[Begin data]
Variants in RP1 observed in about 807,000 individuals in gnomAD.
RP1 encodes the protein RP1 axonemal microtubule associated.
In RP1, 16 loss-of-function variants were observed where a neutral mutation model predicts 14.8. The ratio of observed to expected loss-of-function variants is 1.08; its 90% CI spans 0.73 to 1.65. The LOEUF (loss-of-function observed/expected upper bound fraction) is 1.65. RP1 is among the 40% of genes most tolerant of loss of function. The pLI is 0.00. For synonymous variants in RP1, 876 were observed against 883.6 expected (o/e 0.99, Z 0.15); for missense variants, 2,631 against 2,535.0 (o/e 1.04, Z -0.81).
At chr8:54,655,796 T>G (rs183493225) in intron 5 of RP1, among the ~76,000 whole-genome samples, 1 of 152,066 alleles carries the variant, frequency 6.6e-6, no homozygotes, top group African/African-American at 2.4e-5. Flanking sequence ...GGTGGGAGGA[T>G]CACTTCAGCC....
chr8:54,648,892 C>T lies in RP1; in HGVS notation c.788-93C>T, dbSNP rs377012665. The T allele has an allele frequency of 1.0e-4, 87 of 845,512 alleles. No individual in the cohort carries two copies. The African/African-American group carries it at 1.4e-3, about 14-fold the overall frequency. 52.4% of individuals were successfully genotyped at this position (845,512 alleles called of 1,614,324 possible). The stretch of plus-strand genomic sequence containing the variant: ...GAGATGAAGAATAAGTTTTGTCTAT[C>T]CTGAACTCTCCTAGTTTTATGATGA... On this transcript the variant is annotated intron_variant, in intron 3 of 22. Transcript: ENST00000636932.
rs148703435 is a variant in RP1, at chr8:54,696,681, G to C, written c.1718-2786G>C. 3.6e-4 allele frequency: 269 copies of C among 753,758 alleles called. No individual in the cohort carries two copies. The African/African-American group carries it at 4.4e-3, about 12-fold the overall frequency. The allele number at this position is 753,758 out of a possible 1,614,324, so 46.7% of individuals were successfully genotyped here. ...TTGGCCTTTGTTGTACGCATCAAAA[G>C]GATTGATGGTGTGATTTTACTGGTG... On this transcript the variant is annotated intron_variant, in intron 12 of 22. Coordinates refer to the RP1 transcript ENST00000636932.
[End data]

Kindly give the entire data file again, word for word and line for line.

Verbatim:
Variants in RP1 observed in about 807,000 individuals in gnomAD.
RP1 encodes the protein RP1 axonemal microtubule associated.
In RP1, 16 loss-of-function variants were observed where a neutral mutation model predicts 14.8. The ratio of observed to expected loss-of-function variants is 1.08; its 90% CI spans 0.73 to 1.65. The LOEUF (loss-of-function observed/expected upper bound fraction) is 1.65. RP1 is among the 40% of genes most tolerant of loss of function. The pLI is 0.00. For synonymous variants in RP1, 876 were observed against 883.6 expected (o/e 0.99, Z 0.15); for missense variants, 2,631 against 2,535.0 (o/e 1.04, Z -0.81).
At chr8:54,655,796 T>G (rs183493225) in intron 5 of RP1, among the ~76,000 whole-genome samples, 1 of 152,066 alleles carries the variant, frequency 6.6e-6, no homozygotes, top group African/African-American at 2.4e-5. Flanking sequence ...GGTGGGAGGA[T>G]CACTTCAGCC....
chr8:54,648,892 C>T lies in RP1; in HGVS notation c.788-93C>T, dbSNP rs377012665. The T allele has an allele frequency of 1.0e-4, 87 of 845,512 alleles. No individual in the cohort carries two copies. The African/African-American group carries it at 1.4e-3, about 14-fold the overall frequency. 52.4% of individuals were successfully genotyped at this position (845,512 alleles called of 1,614,324 possible). The stretch of plus-strand genomic sequence containing the variant: ...GAGATGAAGAATAAGTTTTGTCTAT[C>T]CTGAACTCTCCTAGTTTTATGATGA... On this transcript the variant is annotated intron_variant, in intron 3 of 22. Transcript: ENST00000636932.
rs148703435 is a variant in RP1, at chr8:54,696,681, G to C, written c.1718-2786G>C. 3.6e-4 allele frequency: 269 copies of C among 753,758 alleles called. No individual in the cohort carries two copies. The African/African-American group carries it at 4.4e-3, about 12-fold the overall frequency. The allele number at this position is 753,758 out of a possible 1,614,324, so 46.7% of individuals were successfully genotyped here. ...TTGGCCTTTGTTGTACGCATCAAAA[G>C]GATTGATGGTGTGATTTTACTGGTG... On this transcript the variant is annotated intron_variant, in intron 12 of 22. Coordinates refer to the RP1 transcript ENST00000636932.